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Trinity Energy rebuffs Red Flag Accusations in Business Deals

Trinity Energy, a South Sudanese owned Business Company has lashed out at a report blaming it for misdeals which include bribery, tax evasion, and trade-based money laundering.

The report, “Crude Dealings: How Oil-Backed Loans Provided Cover for Illegal Activity in South Sudan” centered around a loan of $30 million provided by Africa Export-Import bank to Trinity Energy, which it said acquisition was not legally smooth.

A three-year investigation “uncovered red flags for illicit business practices, including bribery, tax evasion, and trade-based money laundering,” the report said.

According to Trinity Energy, the report “unfortunately contains significant and defamatory allegations.”

The Sentry said its “investigation found clear indications that the arrangement enabled powerful individuals to benefit from the manipulation of business worth hundreds of millions of dollars.”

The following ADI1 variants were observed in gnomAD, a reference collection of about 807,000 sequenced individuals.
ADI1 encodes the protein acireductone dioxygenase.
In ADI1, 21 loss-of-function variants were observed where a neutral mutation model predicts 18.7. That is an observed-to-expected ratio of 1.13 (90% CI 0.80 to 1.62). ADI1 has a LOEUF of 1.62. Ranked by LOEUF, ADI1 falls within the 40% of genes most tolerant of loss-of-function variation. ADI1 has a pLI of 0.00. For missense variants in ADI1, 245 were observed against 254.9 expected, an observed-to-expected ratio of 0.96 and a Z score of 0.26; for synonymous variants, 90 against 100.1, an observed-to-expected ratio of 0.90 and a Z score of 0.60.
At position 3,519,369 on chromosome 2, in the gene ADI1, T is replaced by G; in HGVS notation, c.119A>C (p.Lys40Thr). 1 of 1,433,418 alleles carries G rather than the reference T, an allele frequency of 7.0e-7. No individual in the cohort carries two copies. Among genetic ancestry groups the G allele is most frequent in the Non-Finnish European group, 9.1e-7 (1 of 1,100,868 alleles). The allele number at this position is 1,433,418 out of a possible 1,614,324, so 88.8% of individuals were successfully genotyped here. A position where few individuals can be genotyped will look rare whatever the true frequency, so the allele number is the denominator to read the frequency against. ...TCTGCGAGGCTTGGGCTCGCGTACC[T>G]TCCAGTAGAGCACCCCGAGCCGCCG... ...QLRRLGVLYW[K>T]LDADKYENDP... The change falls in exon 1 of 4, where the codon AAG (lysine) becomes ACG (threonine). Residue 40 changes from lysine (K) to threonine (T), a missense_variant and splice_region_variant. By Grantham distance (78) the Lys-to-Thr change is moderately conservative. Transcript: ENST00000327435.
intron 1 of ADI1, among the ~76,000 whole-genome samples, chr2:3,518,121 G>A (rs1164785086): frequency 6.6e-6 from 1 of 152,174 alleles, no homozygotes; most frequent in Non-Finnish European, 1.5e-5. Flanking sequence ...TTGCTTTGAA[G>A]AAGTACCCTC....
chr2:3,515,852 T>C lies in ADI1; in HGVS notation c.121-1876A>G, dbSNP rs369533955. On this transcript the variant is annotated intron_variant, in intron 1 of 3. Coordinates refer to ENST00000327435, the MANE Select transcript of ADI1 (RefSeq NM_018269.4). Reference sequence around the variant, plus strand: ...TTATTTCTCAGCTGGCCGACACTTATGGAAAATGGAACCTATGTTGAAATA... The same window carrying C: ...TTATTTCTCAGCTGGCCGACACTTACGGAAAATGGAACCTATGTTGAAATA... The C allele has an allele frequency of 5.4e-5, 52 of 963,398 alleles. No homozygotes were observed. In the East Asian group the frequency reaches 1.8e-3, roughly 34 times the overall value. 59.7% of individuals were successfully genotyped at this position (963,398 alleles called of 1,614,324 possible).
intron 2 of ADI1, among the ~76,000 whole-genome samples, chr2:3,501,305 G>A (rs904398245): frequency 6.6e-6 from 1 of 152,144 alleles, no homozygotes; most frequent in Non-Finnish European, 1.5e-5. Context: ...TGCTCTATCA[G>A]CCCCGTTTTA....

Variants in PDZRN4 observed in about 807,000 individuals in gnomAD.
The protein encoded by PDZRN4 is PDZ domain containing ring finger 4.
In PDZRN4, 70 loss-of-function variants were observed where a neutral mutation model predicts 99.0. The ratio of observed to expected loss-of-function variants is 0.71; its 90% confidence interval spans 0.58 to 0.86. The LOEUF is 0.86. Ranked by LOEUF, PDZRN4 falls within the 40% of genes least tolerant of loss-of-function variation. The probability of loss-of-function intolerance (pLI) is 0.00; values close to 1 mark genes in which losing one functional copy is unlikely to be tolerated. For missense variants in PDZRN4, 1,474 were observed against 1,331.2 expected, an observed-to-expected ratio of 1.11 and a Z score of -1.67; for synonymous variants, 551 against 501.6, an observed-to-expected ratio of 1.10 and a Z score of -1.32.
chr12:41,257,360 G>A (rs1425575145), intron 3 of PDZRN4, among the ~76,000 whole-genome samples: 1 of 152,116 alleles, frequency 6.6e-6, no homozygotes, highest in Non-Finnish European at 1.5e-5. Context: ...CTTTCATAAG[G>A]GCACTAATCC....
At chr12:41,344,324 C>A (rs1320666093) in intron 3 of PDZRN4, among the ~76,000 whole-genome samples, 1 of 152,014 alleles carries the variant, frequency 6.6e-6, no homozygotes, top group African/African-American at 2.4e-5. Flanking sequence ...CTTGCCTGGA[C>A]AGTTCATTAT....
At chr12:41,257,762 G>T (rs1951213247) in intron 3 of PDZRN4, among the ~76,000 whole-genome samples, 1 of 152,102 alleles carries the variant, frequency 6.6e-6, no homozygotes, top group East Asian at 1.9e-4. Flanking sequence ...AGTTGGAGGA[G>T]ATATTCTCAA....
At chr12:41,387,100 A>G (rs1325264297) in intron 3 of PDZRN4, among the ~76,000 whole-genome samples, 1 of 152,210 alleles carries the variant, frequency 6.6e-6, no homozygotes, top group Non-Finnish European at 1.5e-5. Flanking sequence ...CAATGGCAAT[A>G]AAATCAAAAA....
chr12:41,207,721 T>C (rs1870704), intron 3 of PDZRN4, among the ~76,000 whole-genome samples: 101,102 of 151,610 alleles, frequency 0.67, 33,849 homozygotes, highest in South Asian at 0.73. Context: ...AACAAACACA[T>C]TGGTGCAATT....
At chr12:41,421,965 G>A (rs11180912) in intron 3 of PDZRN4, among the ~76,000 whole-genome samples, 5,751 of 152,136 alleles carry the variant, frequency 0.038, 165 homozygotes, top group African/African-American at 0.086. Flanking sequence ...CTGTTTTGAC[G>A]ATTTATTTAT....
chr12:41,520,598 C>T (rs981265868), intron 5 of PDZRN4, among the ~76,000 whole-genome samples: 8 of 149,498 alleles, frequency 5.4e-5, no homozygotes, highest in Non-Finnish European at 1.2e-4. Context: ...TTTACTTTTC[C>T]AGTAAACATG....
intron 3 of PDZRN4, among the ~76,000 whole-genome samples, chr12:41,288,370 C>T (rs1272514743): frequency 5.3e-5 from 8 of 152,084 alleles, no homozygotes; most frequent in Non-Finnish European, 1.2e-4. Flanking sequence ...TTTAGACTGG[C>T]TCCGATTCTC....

It said “the loan deal skirted legislation on oversight, transparency, and competition and facilitated off-book government spending, including supplies of fuel to the South Sudan army.”

“It also perpetuated a damaging reliance on future oil production to finance current spending, mortgaging the future prosperity of the country and its citizens,” it said in a statement yesterday.

Trinity Energy said it is committed to the future of South Sudan and will continue to do it as a responsible corporate citizen.

“Trinity Energy would like to reassure the public and all our stakeholders that we remain committed to offering our customers world-class energy solutions,” it said.

“As a forward-looking company, we are driven by the need for the social-economic transformation of South Sudan which has seen us invest millions of dollars and create lasting jobs in various sectors as well as support Youth and Women Empowerment, Agriculture and Food Security, Health and Environmental Sustainability.”

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